Cooler winters as a possible cause of mass extinctions at the Eocene/Oligocene boundary

  title={Cooler winters as a possible cause of mass extinctions at the Eocene/Oligocene boundary},
  author={Linda C. Ivany and William P. Patterson and Kyger C. Lohmann},
The Eocene/Oligocene boundary, at about 33.7 Myr ago, marks one of the largest extinctions of marine invertebrates in the Cenozoic period. For example, turnover of mollusc species in the US Gulf coastal plain was over 90% at this time. A temperature change across this boundary—from warm Eocene climates to cooler conditions in the Oligocene—has been suggested as a cause of this extinction event, but climate reconstructions have not provided support for this hypothesis. Here we report stable… 
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Synchronous turnover of flora, fauna, and climate at the Eocene–Oligocene Boundary in Asia
The results show that climate change forced a turnover of flora and fauna, suggesting there was a change from large-size perissodactyl-dominant fauna in forests under a warm-temperate climate to small rodent/lagomorph-Dominantfauna in forest-steppe in a dry- Temperate climate across the Eocene–Oligocene Boundary.
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Onset of long-term cooling of Greenland near the Eocene-Oligocene boundary as revealed by branched tetraether lipids
The Eocene-Oligocene (E-O) boundary interval is considered to be one of the major transitions in Earth’s climate, witnessing the fi rst major expansion of the East Antarctic Ice Sheet. However, the
Shallow-marine ostracode turnover during the Eocene–Oligocene transition in Mississippi, the Gulf Coast Plain, USA
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Oxygen isotope data from planktonic foraminifera for the warm Eocene epoch suggest that tropical sea-surface temperatures (SSTs) may have been cooler than at present. Such data have stimulated
Terrestrial cooling in Northern Europe during the Eocene–Oligocene transition
The authors' data show a decrease in growing-season surface water temperatures corresponding to an average decrease in mean annual air temperature from the Late Eocene to Early Oligocene, which suggests a close linkage between atmospheric carbon dioxide concentrations, Northern Hemisphere temperature, and expansion of the Antarctic ice sheets.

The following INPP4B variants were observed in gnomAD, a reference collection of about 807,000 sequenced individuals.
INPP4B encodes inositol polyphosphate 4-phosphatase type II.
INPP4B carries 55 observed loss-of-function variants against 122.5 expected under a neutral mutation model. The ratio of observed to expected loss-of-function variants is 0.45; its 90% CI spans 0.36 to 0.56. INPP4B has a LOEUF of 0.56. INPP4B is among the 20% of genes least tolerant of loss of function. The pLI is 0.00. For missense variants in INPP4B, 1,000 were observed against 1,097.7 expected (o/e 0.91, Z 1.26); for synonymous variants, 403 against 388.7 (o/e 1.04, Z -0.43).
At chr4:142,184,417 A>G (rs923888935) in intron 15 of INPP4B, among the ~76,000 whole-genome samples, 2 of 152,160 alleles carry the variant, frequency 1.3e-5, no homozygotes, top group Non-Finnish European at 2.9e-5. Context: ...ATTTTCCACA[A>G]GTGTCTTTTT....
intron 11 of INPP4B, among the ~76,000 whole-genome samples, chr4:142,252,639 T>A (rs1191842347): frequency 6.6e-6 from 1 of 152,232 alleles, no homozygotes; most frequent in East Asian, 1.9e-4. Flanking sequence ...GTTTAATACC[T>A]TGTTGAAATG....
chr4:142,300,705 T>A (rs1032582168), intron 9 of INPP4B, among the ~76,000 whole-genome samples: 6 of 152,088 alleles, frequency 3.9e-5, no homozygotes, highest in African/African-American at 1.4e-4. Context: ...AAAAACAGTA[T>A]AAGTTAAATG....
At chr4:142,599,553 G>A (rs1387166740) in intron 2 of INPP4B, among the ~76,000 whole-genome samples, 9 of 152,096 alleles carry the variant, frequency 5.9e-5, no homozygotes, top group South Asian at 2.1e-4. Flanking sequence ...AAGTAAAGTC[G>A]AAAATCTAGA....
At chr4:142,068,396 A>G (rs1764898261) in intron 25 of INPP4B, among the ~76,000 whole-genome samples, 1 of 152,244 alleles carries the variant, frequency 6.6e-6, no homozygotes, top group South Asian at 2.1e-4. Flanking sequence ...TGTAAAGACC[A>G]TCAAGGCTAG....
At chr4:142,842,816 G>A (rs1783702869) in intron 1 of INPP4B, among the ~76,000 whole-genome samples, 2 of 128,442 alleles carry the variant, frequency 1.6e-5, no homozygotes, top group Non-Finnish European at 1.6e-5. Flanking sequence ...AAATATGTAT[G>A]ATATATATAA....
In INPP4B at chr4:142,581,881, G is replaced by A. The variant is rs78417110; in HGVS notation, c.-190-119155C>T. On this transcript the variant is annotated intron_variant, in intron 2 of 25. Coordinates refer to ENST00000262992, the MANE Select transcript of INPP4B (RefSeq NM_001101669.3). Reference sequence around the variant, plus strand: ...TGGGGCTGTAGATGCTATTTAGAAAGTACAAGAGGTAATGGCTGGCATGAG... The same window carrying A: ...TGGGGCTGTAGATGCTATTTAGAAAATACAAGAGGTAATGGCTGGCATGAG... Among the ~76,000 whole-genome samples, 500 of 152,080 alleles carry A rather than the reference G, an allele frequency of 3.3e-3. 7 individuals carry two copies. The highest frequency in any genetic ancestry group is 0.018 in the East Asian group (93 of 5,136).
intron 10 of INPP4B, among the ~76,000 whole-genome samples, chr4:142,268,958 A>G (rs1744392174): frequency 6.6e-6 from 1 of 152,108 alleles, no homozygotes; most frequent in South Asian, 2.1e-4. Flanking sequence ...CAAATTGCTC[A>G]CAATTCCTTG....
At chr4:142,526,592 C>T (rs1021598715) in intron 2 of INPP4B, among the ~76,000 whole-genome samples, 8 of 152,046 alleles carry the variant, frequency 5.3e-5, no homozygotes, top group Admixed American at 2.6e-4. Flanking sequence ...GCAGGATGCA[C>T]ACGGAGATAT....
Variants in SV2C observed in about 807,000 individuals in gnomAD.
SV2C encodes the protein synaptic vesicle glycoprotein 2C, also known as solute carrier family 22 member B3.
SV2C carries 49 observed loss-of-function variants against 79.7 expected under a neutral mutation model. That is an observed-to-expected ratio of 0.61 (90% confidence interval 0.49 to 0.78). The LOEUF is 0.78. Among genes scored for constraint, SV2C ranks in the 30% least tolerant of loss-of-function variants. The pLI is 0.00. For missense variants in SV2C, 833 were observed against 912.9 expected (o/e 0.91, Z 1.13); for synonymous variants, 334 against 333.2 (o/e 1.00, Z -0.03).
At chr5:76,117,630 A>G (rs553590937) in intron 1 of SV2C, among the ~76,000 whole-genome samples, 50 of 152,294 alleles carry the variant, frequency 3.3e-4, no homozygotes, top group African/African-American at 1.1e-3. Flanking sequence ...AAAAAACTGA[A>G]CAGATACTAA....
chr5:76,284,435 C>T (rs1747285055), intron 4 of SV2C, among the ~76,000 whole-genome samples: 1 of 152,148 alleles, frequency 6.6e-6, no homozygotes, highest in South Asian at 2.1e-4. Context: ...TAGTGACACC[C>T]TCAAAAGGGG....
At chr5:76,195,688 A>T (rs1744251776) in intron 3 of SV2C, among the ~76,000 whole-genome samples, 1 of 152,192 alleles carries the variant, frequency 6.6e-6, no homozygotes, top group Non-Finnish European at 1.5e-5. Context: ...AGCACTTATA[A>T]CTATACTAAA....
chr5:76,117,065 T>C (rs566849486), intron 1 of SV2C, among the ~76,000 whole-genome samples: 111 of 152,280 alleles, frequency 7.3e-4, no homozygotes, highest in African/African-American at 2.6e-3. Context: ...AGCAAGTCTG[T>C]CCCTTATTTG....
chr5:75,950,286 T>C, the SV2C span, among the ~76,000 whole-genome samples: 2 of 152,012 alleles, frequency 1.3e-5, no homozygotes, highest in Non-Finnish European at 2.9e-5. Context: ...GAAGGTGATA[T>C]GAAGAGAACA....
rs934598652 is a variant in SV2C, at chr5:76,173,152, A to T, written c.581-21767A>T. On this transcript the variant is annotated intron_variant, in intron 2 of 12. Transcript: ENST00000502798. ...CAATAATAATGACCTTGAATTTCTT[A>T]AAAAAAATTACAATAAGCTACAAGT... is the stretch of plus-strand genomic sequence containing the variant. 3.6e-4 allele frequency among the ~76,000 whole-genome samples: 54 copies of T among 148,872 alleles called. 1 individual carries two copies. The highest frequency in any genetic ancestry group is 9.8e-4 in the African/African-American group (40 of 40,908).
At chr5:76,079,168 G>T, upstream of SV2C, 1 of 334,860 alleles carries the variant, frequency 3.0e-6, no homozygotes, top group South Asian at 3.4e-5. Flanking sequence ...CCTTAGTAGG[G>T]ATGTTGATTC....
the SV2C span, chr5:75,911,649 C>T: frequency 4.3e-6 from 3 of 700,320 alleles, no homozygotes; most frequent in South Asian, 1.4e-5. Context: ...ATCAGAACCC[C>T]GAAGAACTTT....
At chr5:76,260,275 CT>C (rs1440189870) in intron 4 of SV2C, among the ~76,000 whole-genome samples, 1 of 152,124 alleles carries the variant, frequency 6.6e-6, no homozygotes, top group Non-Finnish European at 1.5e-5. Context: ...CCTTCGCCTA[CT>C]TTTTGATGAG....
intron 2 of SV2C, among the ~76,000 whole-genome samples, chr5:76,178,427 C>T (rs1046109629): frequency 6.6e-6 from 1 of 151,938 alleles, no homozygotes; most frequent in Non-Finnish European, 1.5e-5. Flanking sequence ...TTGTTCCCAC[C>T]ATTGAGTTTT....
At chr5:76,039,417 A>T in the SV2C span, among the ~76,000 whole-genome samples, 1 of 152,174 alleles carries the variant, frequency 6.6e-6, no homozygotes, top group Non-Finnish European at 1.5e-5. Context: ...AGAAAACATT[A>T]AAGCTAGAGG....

Eocene–Oligocene latitudinal climate gradients in North America inferred from stable isotope ratios in perissodactyl tooth enamel
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Migration of a Late Cretaceous fish
The ontogenetic history of a Maastrichtian-age fish, Vorhisia vulpes, is reconstructed by using the carbon, oxygen and strontium isotope ratios of four aragonite otoliths collected from the Fox Hills Formation of South Dakota.


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The Eocene-Oligocene boundary is widely cited as the "other" example (besides the Cretaceous-Tertiary boundary) of a known relationship between mass extinctions and bolide impacts. The stratigraphic
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The equator to high southern latitude sea surface and vertical temperature gradients are reconstructed from oxygen isotope values of planktonic and benthic foraminifers for the following five time
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Abstract Biostratigraphic zonation of the Paleogene formations in the eastern Gulf Coastal Plain of the U.S.A., based on calcareous nannoplankton, allows a reassessment of the timing and pattern of
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Molluscs removed from 12 bulk samples of the Yazoo Formation (upper Eocene), exposed in a quarry at Cynthia, Mississippi, are similar in composition and diversity to those found in the underlying
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Eocene to Oligocene marine carbonate shelf deposits in a continuous core in Baldwin County, Alabama, were evaluated within a sequence stratigraphic framework to determine characteristic stable